I hesitated a touch on the lower portion where there are some thin ledges to gain a ledge system that bring you just below the bolt. Once there I clipped the bolt, and eyed my foot placements. About four steps up the slab, and I was able to grab the flake. It seemed so much easier than the first time. I then lie backed around the corner and headed to the next belay. The terrain was not well protected and it was traversing left. I contemplated the easy out of heading to the 5.8 finish, but did not want to deal with the rap route that would lead us to. So I continued with rope drag to the dirty corner for the finish at the chains. When I brought Adam up, he commented about the pitch three section being potentially harder than the true crux, and then we contemplated finishing the route by doing the sixth pitch. Adam told me it was around 4pm and that was all I needed to start rappelling.

The rappelling was a bit awkward as they stations are usually longer than 30m apart, but not even 50 m apart so there is a lot of extra rope leading you to think you can skip a station. Once at the bottom, we snacked and packed up for the uneventful hike out.

This was a fun route to return to two years after my previous climb. I wanted to check out other routes in the area, and now I have a better idea. There is no way I'd be leading most pitches of Online any time soon as the run out is a little unsafe for my pleasure. But The Pillar looked tamable, and I tried to spy The Curious Cube as much as possible, but it was difficult to see protection opportunities. Compared to Darrington crags, Static Point is more run out, and in a fashion that does not make sense to the mind. For instance, the Green Crab Traverse has a .10b crux between the first and second bolt. A fall there leading to bad consequences. Of course, they had to place bolts where they had good stances, and the crux was not a good stance. Lost Charms protects well and I did not mind most bits of run out. I'll return to Static Point, but not too soon, as I do not imagine there are too many other routes I would do there.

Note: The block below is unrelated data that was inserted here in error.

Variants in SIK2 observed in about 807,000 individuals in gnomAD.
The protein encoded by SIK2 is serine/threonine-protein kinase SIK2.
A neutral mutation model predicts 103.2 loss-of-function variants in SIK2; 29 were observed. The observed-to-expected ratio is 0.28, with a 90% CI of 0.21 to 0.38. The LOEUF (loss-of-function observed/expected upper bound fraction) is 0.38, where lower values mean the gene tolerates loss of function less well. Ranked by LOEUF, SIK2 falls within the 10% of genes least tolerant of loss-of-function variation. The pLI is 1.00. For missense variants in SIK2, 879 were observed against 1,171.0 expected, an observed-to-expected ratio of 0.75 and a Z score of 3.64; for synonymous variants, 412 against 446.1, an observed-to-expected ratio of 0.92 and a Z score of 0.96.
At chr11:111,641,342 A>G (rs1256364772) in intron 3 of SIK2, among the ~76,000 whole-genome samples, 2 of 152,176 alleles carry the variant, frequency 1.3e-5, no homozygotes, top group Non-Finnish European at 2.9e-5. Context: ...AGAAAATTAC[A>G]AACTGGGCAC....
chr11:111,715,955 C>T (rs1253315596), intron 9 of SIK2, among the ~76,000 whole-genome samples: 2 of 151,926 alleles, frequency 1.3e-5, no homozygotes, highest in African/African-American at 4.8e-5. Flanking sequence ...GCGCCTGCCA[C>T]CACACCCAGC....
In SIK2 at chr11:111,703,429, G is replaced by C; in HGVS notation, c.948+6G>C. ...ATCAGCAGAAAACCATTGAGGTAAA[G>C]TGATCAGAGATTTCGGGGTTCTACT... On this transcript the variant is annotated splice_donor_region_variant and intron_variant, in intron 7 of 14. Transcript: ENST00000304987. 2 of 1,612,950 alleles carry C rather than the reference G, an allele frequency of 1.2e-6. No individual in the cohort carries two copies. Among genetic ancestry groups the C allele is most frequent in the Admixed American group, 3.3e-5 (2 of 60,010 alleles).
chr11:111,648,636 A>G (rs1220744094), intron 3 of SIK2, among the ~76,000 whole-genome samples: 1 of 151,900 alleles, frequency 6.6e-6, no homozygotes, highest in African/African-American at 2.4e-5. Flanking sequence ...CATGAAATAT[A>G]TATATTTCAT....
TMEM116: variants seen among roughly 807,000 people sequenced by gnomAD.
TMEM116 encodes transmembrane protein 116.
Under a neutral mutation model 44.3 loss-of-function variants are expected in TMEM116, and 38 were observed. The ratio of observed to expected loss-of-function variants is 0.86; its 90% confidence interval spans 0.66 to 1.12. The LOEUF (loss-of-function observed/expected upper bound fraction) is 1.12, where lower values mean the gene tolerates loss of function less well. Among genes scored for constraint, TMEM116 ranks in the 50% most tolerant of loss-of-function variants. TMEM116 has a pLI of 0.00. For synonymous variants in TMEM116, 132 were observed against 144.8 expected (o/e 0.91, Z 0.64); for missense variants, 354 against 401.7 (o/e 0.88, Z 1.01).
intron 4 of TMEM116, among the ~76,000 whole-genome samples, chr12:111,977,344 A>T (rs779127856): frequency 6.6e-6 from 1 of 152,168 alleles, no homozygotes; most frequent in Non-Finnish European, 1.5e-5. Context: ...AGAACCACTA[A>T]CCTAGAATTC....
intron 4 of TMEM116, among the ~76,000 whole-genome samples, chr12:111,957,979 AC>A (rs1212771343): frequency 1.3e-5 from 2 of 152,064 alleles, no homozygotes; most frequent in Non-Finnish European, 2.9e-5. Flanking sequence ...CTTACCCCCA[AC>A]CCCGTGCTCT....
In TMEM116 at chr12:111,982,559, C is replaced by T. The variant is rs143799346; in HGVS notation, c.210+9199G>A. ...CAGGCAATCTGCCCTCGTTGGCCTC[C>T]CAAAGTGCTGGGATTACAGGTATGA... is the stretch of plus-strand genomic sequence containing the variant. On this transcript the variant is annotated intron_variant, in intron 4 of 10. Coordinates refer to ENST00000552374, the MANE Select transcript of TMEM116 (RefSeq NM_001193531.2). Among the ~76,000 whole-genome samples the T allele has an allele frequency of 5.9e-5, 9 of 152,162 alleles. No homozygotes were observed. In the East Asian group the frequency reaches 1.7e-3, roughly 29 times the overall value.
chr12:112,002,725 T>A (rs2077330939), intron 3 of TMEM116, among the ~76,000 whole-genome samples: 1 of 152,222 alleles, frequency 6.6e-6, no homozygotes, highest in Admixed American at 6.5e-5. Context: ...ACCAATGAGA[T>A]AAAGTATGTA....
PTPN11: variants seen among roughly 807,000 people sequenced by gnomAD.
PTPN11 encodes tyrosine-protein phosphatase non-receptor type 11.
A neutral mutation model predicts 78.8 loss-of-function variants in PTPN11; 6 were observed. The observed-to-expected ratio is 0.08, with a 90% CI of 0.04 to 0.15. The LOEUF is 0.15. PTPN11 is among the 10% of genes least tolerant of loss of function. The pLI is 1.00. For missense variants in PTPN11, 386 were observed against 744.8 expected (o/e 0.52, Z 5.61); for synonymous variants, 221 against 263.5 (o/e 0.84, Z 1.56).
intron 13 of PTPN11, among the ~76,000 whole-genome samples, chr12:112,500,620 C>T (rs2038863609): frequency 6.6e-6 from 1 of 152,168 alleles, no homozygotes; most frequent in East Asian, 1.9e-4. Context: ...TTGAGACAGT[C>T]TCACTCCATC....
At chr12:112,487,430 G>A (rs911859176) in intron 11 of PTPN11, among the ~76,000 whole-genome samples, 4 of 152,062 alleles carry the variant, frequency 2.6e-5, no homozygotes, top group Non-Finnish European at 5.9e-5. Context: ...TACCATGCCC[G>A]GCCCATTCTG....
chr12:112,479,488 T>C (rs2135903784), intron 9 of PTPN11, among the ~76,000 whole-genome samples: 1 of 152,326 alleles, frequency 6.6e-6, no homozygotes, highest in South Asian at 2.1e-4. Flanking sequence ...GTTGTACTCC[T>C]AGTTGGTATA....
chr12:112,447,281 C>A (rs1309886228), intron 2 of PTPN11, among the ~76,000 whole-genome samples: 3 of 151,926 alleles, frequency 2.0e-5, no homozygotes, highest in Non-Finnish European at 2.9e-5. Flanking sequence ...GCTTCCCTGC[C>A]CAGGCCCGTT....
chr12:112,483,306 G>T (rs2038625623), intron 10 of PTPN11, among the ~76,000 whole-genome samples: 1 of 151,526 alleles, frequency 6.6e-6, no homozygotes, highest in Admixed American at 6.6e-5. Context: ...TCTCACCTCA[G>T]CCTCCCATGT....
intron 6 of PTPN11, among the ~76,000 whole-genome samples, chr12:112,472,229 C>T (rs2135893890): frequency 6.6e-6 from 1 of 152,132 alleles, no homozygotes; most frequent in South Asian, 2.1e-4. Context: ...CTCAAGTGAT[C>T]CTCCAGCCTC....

My pics are here.

Sunday, October 3, 2010

Squamish - 10.2-3.10

I finally got someone to go to Squamish with me this year. The weather was looking good for what I am sure may be the last weekend that I would attempt to go up there. Matt Jillson was game and we opted for a plan of heading up casually on Saturday morning and staying until Sunday evening. While I had big dreams of climbing on the Apron Saturday and Sunday after talking to Matt in the car we opted for a day of single pitch cragging on Saturday and to get some multipitch action in on Sunday on the Apron.

It was interesting to see the improvements of the Sea to Sky Highway. Although there did not seem to be many. But we did notice the signs were now in English and Salish, to which Matt said Squamish has a seven in it. Indeed it does.

When we arrived we set up our tent at the Chief camp ground. And, like last year there were no envelopes, so we couldn't pay, even though I actually had the ten Canadian Dollars needed. We opted to check out Murrin Park as our first destination, and hit the Sugarloaf area to warm up. There are some easy four star routes there, and since we both didn't sleep well, we wanted to warm up easy. When we arrived at the cliff, ropes were on most routes, but no one was in sight. I led Little Spark first which was a wide crack followed by super easy blocky steps near the top. We found a group getting instructed up top, and walked off for our next route.